9.28.2005

There are a lot of new moms who speak about their baby with an adoration befitting the saints. While I admit that I do think my daughter’s poop doesn’t stink (too bad), I don’t consider her particularly saintly. She’s just a baby. My biggest thrill is watching her gain independence, as low-level as it may be at this juncture. Seeing her lift her head, find her thumb to suck—these little things are overwhelming when I think about how quickly they will be replaced with the next late breaking development.

Part of the whole “fourth trimester” thing is that baby’s aren’t fully ready to be born at the time they actually pop out. For the first three months of their real lives they are still a part of their mother, albeit a part that cries more and has no control over bodily functions. To fully buy into that theory, one would have to put aside any sense of a child’s burgeoning independence, and put one’s own sense of self on the back burner as well. I can see the necessity of the latter part to a degree, but I can’t help but wonder where that leaves the old ME, the one my husband married and agreed to have a child with in the first place. Where am I supposed to draw the line between being a mother and being myself? Perhaps it’s impossible, and counter-productive, to draw any lines through the haze of these new and uncharted post-partum days. Therein lies the difficulty of being a new mom when you also want to be a wife, or a professional, or anything other than a handmaiden to the household’s new ruling class.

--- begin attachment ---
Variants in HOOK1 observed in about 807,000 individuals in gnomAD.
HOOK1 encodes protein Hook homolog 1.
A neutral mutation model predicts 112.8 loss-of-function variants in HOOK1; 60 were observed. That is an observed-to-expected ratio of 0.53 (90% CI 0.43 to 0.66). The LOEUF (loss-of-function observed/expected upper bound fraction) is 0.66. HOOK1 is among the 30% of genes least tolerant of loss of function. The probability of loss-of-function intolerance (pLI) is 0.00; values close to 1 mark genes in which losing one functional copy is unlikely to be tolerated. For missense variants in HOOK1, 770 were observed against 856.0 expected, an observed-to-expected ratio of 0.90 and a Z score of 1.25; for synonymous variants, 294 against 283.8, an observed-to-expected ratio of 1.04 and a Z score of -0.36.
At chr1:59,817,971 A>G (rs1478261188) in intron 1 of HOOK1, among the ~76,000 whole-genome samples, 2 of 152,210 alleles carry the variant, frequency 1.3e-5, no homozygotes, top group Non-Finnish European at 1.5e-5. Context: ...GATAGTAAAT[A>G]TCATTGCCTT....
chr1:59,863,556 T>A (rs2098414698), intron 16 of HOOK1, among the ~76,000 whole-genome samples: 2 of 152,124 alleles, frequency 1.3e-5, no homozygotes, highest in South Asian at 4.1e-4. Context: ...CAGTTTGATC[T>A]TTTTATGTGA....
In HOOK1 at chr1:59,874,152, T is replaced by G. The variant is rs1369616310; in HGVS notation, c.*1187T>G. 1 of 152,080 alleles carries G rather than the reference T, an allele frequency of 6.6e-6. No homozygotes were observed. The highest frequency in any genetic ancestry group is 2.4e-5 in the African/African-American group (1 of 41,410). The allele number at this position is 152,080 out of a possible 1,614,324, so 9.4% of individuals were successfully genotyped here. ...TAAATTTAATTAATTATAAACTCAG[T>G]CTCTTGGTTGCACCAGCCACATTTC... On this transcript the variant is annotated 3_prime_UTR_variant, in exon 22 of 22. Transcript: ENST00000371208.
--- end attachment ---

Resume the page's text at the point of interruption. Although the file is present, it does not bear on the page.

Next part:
Speaking of which, she is beckoning me now :)

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